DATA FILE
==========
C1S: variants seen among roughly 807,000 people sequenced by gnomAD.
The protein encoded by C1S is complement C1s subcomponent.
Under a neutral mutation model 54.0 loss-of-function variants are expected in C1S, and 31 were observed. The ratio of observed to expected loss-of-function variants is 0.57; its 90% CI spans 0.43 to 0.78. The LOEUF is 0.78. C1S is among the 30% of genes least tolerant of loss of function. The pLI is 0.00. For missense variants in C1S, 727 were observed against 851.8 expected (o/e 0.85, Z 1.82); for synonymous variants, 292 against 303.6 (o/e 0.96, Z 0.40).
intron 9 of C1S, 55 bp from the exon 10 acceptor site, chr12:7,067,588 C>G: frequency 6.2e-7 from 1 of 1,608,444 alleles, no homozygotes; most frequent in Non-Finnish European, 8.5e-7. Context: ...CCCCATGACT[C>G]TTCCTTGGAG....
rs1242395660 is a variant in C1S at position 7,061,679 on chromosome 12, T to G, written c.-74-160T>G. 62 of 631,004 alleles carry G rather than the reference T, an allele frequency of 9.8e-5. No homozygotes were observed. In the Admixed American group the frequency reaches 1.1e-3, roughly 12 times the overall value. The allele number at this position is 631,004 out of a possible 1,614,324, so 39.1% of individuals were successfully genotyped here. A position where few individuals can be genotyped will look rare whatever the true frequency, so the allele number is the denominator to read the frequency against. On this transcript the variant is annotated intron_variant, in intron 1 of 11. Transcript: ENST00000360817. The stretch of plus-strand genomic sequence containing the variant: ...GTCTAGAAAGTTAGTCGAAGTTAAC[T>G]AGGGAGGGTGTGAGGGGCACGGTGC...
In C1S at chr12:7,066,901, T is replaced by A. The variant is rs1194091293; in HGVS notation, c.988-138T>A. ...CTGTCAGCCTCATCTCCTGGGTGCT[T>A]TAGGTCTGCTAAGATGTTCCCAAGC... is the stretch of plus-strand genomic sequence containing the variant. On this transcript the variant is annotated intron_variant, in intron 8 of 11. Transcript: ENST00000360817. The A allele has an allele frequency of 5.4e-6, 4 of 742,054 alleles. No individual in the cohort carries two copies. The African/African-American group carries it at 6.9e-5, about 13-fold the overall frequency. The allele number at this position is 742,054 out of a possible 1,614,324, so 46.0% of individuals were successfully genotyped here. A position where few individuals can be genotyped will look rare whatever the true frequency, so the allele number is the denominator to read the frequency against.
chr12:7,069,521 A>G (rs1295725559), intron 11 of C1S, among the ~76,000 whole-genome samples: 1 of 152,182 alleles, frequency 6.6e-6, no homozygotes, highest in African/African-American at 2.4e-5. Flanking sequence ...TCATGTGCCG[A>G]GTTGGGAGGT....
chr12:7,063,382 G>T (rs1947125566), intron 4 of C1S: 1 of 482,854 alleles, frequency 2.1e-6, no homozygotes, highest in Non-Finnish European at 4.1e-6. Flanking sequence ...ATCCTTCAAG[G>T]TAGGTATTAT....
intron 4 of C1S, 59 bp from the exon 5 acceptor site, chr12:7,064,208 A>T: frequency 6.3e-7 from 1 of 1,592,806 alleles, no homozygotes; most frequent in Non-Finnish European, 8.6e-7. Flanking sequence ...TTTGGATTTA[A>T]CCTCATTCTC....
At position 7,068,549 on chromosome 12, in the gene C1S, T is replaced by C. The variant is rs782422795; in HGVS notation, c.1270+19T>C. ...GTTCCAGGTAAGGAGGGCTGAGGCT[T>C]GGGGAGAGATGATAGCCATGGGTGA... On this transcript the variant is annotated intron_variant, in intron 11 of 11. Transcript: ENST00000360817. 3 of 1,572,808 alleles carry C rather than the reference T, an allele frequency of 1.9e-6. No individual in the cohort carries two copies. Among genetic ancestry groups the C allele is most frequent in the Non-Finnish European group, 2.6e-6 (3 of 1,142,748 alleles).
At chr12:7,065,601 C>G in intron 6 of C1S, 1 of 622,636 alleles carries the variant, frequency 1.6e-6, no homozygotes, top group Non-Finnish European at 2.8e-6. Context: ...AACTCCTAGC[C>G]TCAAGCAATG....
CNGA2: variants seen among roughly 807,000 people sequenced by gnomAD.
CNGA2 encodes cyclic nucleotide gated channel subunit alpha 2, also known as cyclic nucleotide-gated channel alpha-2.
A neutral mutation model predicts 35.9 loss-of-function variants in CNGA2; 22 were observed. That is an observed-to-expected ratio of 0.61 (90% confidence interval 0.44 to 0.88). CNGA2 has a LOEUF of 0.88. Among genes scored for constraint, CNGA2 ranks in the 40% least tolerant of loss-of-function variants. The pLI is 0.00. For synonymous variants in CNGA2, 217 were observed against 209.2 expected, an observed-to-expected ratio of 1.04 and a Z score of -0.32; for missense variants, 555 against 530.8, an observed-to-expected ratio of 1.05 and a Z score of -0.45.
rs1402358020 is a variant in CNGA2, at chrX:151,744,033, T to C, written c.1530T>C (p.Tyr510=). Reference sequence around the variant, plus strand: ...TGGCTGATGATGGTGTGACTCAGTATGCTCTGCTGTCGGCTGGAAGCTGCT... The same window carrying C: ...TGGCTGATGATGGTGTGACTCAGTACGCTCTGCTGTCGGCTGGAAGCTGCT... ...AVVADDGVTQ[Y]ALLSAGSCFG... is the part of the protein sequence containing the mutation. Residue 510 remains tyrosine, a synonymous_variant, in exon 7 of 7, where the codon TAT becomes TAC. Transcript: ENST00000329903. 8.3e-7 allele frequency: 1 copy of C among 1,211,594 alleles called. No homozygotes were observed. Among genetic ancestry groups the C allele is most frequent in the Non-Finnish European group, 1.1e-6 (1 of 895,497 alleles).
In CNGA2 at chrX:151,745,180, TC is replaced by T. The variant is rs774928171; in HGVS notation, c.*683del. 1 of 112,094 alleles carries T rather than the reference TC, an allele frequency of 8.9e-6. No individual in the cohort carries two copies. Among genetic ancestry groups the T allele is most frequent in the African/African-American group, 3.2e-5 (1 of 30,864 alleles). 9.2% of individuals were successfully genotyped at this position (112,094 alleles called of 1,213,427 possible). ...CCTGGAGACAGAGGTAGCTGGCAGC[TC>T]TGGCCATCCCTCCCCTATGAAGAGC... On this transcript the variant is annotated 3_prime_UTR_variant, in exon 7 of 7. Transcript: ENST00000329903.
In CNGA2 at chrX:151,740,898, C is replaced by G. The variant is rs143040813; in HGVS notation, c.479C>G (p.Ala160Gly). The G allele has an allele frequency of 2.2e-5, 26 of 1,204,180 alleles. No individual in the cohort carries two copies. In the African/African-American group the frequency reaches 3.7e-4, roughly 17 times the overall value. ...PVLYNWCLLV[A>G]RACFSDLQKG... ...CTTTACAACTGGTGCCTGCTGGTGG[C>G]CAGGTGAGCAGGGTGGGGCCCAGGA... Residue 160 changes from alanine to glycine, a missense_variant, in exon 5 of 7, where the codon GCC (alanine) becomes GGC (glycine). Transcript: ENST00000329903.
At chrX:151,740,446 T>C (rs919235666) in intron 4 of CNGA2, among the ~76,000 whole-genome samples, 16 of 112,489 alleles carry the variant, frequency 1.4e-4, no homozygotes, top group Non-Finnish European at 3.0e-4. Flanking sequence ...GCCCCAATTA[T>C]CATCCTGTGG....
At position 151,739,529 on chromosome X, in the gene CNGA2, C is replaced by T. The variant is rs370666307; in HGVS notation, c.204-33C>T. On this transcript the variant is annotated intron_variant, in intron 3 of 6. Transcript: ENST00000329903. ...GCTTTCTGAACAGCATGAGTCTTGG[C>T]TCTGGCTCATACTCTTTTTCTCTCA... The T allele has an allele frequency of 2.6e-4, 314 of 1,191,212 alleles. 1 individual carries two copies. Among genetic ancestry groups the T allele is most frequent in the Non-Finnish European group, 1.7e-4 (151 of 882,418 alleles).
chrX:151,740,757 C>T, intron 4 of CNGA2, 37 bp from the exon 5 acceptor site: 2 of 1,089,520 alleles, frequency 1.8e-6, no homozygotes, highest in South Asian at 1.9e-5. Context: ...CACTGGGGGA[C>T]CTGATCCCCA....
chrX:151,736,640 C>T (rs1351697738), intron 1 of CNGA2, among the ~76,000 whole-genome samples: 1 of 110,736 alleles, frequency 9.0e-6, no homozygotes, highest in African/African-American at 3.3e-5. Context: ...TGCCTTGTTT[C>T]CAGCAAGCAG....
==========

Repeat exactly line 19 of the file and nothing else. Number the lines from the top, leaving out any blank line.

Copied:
At position 151,739,529 on chromosome X, in the gene CNGA2, C is replaced by T. The variant is rs370666307; in HGVS notation, c.204-33C>T. On this transcript the variant is annotated intron_variant, in intron 3 of 6. Transcript: ENST00000329903. ...GCTTTCTGAACAGCATGAGTCTTGG[C>T]TCTGGCTCATACTCTTTTTCTCTCA... The T allele has an allele frequency of 2.6e-4, 314 of 1,191,212 alleles. 1 individual carries two copies. Among genetic ancestry groups the T allele is most frequent in the Non-Finnish European group, 1.7e-4 (151 of 882,418 alleles).